So, if you're small and weak, you will never get the upper hand, except through being smarter, or getting behind a protector.
And if the rules are such that normal human behaviour is a crime, you either live in constant fear or suffer.
Bully culture doesn't progress, because nobody dares to challenge the strong.
Those who can induce you to believe absurdities can induce you to commit atrocities. - Voltaire

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Re: In Defense of Flogging

Post by LuckyR » January 30th, 2019, 3:13 am

Arjen wrote:
January 29th, 2019, 6:07 pm
LuckyR wrote:
January 29th, 2019, 3:28 am
As to my use of the wording "less than zero", I was specifically referring to the experience of corporal punishment of children, which is not known for teaching them anything beyond the lesson that violence is a reasonable tool to deal with problems.
1) I am not advocating corporeal punishment of children.
2) It is true that children themselves use violence against eachother, that parents tell them not to do.
3) The little fights kids get into do teach them social lessons that parents tried to teach them, but that they never listened to.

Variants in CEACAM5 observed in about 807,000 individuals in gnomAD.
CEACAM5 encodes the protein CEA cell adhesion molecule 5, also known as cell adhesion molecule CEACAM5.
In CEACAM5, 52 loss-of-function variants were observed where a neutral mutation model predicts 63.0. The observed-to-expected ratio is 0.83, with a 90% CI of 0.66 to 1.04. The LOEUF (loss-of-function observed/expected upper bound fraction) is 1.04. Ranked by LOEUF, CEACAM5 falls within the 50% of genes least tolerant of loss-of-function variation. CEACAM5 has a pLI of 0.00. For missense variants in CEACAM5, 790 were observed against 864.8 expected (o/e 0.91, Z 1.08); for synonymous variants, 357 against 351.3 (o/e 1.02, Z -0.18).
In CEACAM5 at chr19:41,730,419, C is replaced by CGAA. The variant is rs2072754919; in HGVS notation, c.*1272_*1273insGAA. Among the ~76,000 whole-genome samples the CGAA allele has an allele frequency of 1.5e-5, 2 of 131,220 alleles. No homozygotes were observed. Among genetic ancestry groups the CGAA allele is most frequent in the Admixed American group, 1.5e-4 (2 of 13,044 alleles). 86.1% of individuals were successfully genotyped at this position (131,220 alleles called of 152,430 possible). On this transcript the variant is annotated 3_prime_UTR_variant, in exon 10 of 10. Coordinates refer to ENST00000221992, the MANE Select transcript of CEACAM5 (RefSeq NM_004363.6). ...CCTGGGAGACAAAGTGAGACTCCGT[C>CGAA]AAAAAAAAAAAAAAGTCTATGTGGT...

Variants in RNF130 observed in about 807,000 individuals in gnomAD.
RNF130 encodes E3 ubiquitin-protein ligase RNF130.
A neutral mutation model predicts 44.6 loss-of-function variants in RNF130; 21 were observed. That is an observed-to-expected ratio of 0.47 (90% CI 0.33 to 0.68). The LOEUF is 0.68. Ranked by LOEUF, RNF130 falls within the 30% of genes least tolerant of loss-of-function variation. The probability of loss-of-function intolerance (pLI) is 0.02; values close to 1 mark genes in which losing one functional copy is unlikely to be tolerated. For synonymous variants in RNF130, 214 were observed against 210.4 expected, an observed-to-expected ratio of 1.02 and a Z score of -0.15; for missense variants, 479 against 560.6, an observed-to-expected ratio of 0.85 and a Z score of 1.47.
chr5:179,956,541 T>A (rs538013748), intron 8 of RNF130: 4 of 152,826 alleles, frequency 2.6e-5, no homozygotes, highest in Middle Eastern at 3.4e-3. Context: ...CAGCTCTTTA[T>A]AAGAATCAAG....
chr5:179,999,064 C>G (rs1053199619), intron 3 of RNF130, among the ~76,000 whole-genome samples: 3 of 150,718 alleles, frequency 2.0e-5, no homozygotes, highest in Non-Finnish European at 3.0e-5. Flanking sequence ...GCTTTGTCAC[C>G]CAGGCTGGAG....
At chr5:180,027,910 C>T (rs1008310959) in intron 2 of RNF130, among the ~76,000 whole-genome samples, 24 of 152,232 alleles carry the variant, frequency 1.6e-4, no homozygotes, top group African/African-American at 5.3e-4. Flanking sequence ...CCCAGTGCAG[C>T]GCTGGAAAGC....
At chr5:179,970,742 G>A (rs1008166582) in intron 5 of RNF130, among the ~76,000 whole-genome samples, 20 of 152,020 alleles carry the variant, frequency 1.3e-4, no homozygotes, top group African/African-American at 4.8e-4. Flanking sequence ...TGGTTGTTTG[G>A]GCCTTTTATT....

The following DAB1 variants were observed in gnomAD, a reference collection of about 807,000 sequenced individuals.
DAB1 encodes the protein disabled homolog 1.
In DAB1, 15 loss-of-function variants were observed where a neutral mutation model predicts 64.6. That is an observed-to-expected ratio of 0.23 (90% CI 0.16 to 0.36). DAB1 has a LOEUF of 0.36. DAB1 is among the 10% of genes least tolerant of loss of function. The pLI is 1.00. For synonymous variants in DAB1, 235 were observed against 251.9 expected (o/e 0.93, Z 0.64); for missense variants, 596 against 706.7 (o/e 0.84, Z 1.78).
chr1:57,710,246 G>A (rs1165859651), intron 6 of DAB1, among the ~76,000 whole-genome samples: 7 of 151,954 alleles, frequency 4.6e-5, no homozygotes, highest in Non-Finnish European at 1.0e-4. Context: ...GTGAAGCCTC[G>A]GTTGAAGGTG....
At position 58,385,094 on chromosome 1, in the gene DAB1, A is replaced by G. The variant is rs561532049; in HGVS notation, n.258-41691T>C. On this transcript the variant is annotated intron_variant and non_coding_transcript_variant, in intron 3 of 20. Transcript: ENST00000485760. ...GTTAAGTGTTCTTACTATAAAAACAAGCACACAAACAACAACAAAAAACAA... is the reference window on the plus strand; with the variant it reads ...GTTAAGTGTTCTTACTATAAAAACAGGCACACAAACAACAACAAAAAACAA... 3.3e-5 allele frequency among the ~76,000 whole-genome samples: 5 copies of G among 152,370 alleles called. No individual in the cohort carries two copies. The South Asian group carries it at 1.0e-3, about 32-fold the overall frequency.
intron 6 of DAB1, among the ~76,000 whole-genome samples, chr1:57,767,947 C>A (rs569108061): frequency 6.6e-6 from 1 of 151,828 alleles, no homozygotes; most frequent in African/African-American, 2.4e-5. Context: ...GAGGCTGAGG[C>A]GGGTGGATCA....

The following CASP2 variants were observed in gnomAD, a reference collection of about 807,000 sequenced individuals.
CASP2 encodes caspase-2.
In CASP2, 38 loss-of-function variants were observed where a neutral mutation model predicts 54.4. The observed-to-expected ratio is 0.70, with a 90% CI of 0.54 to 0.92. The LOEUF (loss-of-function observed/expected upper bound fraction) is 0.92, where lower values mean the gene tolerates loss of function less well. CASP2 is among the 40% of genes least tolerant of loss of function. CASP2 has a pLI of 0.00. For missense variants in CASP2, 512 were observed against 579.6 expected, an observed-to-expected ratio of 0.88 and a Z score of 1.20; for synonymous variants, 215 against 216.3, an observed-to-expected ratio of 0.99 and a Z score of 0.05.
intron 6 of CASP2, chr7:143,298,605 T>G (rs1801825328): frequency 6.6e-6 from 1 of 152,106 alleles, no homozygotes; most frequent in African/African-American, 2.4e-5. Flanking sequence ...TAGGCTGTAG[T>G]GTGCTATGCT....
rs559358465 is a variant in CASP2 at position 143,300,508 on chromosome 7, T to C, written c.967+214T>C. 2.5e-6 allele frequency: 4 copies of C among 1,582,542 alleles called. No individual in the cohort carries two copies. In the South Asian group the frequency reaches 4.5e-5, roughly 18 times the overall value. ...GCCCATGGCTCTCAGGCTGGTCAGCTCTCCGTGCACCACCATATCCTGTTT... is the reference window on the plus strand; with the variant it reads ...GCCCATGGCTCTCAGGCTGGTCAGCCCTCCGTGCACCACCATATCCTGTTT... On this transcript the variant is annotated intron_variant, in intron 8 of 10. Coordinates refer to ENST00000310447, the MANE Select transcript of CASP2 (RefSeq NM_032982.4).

4) No punishments for children is also not good. They will think nothing they do needs to change. Parents have to teach their children limits, after all. Without knowing limits, I think children turn into very bad people.
5) In extreme cases, parents do have to intervene with strength of body (still not saying corporeal punishment).
6) Some people just will not listen.

7) Question: When is there a point that corporeal punishment should be tried?
https://www.aacap.org/AACAP/Families_an ... s-065.aspx

Is there such a point?
Can some people not be made to understand?
1- No one said you did, I was taking a known with respect to children and extrapolating it to adults.
2- Yes, but I was referring to adult behavior of children exposed to violence, not childhood behavior.
3- I didn't address this
4- Everyone agrees, but if you are implying that the options are corporal punishment and no punishment, you are very mistaken.
5- You are missing the point that appropriate non corporal parenting prevents such "extreme cases"' so no, corporal punishment can be 100% avoided.
6- True, if you miss the opportunity to raise children optimally as youngsters, teens can get out of control and it can be extremely difficult to discipline them at that point.
7- Again, an adult who resorts to physical disciple is acknowledging they are being outsmarted by a child.
"As usual... it depends."

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Re: In Defense of Flogging

Post by Arjen » January 30th, 2019, 3:50 am

Hey Lucky, not so defensive, I was reasoning to come to the last question, more or less agreeing with you! :)

A small explanation:

1) Was a disclaimer.
2) I know, but it made me think of this.
3) I am taking it here as a consideration.
4) Yeah, I agree.....but that is where the question is going.
5) I still didn't say corporeal punishment. But I have seen teachers holding kids down by force. 3 for 1 kid one time. There was ample cause.